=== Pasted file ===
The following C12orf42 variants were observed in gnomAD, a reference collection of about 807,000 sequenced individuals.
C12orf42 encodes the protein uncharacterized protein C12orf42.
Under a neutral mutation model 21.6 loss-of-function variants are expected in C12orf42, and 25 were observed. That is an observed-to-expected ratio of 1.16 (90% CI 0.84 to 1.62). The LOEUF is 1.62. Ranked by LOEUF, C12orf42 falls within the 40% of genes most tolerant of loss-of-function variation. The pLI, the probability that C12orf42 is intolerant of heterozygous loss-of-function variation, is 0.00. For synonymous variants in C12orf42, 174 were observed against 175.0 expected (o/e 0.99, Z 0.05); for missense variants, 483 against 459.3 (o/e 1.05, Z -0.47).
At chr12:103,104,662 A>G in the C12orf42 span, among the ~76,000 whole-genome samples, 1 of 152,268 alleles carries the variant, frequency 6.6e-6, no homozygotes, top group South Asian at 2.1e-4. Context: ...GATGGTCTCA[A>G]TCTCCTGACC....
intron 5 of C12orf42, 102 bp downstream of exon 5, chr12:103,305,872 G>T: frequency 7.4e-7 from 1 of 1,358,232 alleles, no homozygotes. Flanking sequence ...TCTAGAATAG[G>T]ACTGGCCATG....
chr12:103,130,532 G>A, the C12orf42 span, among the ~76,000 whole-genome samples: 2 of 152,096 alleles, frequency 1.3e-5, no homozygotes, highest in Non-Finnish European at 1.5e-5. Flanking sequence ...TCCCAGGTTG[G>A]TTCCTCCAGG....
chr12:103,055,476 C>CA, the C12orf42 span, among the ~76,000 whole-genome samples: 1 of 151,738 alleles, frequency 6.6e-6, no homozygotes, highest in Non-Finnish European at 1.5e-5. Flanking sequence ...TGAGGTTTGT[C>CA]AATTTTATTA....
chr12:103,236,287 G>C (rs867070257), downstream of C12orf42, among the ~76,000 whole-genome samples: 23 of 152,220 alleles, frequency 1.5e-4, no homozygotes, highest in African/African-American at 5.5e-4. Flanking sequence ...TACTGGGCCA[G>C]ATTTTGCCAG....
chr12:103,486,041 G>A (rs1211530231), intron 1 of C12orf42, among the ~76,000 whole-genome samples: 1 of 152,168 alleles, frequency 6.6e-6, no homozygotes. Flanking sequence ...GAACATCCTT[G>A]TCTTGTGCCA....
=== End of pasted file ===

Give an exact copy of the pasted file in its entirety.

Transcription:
The following C12orf42 variants were observed in gnomAD, a reference collection of about 807,000 sequenced individuals.
C12orf42 encodes the protein uncharacterized protein C12orf42.
Under a neutral mutation model 21.6 loss-of-function variants are expected in C12orf42, and 25 were observed. That is an observed-to-expected ratio of 1.16 (90% CI 0.84 to 1.62). The LOEUF is 1.62. Ranked by LOEUF, C12orf42 falls within the 40% of genes most tolerant of loss-of-function variation. The pLI, the probability that C12orf42 is intolerant of heterozygous loss-of-function variation, is 0.00. For synonymous variants in C12orf42, 174 were observed against 175.0 expected (o/e 0.99, Z 0.05); for missense variants, 483 against 459.3 (o/e 1.05, Z -0.47).
At chr12:103,104,662 A>G in the C12orf42 span, among the ~76,000 whole-genome samples, 1 of 152,268 alleles carries the variant, frequency 6.6e-6, no homozygotes, top group South Asian at 2.1e-4. Context: ...GATGGTCTCA[A>G]TCTCCTGACC....
intron 5 of C12orf42, 102 bp downstream of exon 5, chr12:103,305,872 G>T: frequency 7.4e-7 from 1 of 1,358,232 alleles, no homozygotes. Flanking sequence ...TCTAGAATAG[G>T]ACTGGCCATG....
chr12:103,130,532 G>A, the C12orf42 span, among the ~76,000 whole-genome samples: 2 of 152,096 alleles, frequency 1.3e-5, no homozygotes, highest in Non-Finnish European at 1.5e-5. Flanking sequence ...TCCCAGGTTG[G>A]TTCCTCCAGG....
chr12:103,055,476 C>CA, the C12orf42 span, among the ~76,000 whole-genome samples: 1 of 151,738 alleles, frequency 6.6e-6, no homozygotes, highest in Non-Finnish European at 1.5e-5. Flanking sequence ...TGAGGTTTGT[C>CA]AATTTTATTA....
chr12:103,236,287 G>C (rs867070257), downstream of C12orf42, among the ~76,000 whole-genome samples: 23 of 152,220 alleles, frequency 1.5e-4, no homozygotes, highest in African/African-American at 5.5e-4. Flanking sequence ...TACTGGGCCA[G>C]ATTTTGCCAG....
chr12:103,486,041 G>A (rs1211530231), intron 1 of C12orf42, among the ~76,000 whole-genome samples: 1 of 152,168 alleles, frequency 6.6e-6, no homozygotes. Flanking sequence ...GAACATCCTT[G>A]TCTTGTGCCA....